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For the fictional character, see Trapper John McIntyre. For the Scottish radiologist, see John Macintyre.

John McIntire
Born June 27, 1907
Spokane, Washington, U.S.
Died January 30, 1991 (aged 83)
Pasadena, California, U.S.
Occupation Actor
Years active 1947–1989
Spouse(s) Jeanette Nolan (1935-1991)

John McIntire (June 27, 1907 – January 30, 1991) was an American character actor.

Contents

Biography

The craggy-faced film actor was born in Spokane in eastern Washington State but reared in Montana, growing up with ranchers and cowboys which would eventually inspire his performances in dozens of westerns later in life. The USC graduate began acting in radio and on stage.

McIntire began his long movie career at the age of forty in 1947, often playing roles as police chiefs, judges and sometimes crazy coots. His films include the film noir classic The Asphalt Jungle (1950) and his last film playing a crazy dog owner in Turner & Hooch (1989). He also played movie villains in westerns, some of which are considered the best films of the genre: Winchester '73 (1950), The Far Country (1955), both with James Stewart, and The Tin Star, with Henry Fonda (1957), in which he was not a villain but a country physician.

On television, he appeared in ABC's Naked City (TV series), but his character was killed off. In the summer of 1959, he co-starred with Joan Crawford in the episode "Silent Witness of NBC's anthology series, The Joseph Cotten Show.

McIntire played trailmaster Chris Hale on the NBC-ABC series, Wagon Train, having in 1961 replaced Ward Bond as Seth Adams, who died late in 1960. He subsequently replaced actor Lee J. Cobb and Charles Bickford on NBC's The Virginian in 1967. Prior to his Wagon Train role, he guest starred as William Palmer in the series finale, "The Most Dangerous Gentleman", of the short-lived 1960 NBC western Overland Trail, starring William Bendix and Doug McClure, his subsequent co-star on The Virginian.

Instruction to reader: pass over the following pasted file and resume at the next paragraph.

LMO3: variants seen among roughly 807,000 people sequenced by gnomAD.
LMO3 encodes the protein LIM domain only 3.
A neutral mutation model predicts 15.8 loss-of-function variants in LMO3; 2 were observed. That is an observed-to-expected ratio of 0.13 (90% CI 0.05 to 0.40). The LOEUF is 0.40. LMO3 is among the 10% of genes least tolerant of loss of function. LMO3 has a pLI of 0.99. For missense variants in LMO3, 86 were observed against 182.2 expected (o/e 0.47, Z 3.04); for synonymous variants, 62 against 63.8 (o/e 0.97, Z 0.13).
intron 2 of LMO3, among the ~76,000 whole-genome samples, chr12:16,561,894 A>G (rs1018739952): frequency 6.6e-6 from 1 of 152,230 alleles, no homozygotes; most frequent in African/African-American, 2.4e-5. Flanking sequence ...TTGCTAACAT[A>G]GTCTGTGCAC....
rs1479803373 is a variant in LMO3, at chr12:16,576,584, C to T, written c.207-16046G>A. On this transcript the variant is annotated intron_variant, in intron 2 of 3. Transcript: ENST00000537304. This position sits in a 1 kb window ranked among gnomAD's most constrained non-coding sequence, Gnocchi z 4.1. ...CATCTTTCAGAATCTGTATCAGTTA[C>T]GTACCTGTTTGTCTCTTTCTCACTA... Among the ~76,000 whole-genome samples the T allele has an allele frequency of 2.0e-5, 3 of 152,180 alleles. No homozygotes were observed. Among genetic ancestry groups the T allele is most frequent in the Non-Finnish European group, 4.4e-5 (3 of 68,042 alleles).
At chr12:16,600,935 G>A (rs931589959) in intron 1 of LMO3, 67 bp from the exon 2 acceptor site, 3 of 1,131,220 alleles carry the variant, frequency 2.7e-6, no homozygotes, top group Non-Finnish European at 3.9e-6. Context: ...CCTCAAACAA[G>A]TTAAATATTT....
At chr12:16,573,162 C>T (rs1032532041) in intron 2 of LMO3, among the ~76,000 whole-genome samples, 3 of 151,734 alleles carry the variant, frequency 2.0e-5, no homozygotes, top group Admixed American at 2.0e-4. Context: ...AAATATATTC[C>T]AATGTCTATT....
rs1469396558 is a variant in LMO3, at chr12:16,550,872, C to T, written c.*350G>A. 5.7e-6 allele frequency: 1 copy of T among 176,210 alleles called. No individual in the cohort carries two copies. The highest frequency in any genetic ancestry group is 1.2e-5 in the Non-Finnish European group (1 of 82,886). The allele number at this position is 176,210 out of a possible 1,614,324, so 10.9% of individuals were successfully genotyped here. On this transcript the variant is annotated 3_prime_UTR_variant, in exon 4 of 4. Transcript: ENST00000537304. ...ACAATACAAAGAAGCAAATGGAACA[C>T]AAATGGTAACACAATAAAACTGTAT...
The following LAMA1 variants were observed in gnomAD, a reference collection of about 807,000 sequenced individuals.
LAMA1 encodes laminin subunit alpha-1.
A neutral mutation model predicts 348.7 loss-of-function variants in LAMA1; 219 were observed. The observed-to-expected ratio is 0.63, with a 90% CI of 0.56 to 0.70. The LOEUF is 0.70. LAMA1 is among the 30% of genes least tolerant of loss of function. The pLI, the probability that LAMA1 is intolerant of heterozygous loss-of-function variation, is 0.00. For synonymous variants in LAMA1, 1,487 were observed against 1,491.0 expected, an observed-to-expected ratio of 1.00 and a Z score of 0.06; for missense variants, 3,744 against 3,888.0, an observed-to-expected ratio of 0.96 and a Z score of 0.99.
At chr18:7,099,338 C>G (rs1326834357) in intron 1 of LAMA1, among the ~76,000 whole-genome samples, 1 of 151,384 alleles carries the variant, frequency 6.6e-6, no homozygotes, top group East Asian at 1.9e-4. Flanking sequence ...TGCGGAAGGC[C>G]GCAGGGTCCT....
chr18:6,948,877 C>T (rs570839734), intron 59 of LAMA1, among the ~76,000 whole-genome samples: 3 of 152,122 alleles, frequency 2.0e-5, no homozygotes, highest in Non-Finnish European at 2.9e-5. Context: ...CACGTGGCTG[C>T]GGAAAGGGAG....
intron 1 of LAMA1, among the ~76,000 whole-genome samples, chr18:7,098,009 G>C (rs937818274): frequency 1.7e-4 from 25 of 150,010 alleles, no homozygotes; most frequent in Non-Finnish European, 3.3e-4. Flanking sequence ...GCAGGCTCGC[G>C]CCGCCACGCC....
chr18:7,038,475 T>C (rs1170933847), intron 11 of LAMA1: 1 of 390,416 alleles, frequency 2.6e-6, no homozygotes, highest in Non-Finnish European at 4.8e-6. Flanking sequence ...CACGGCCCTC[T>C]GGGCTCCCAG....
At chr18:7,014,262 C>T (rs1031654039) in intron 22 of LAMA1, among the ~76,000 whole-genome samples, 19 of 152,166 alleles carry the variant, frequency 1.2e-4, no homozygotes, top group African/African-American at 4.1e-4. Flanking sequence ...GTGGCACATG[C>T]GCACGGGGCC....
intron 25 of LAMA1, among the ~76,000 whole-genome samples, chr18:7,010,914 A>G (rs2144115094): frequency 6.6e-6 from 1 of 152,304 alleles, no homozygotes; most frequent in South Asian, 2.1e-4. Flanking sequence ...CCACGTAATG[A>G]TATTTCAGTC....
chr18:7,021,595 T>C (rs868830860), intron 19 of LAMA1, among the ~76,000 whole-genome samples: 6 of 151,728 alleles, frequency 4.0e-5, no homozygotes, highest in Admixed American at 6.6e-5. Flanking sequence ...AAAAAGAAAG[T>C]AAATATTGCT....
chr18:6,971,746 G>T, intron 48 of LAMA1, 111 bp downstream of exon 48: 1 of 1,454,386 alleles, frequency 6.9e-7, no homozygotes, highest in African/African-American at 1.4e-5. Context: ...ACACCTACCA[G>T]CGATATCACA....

McIntire married fellow actor Jeanette Nolan, in 1935, and they had two children together, one of whom was the actor Tim McIntire (1944-1986) who starred in the 1978 film American Hot Wax. He also played the brief but memorable role of Sheriff Al Chambers in Alfred Hitchcock's Psycho (1960), in which Nolan read some of Mother's lines and also did some voice-over screaming. McIntire worked more closely with Jeanette Nolan in Disney's 1977 The Rescuers, where he had voiced the cat Rufus and she, the muskrat Ellie Mae. Four years later, the couple worked on another Disney film, The Fox and the Hound, with McIntire as the voice of Mr. Digger, a badger, and Nolan as the voice of Widow Tweed.

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Death

John McIntire died from emphysema and lung cancer in Pasadena, California in 1991.

Partial filmography

External links


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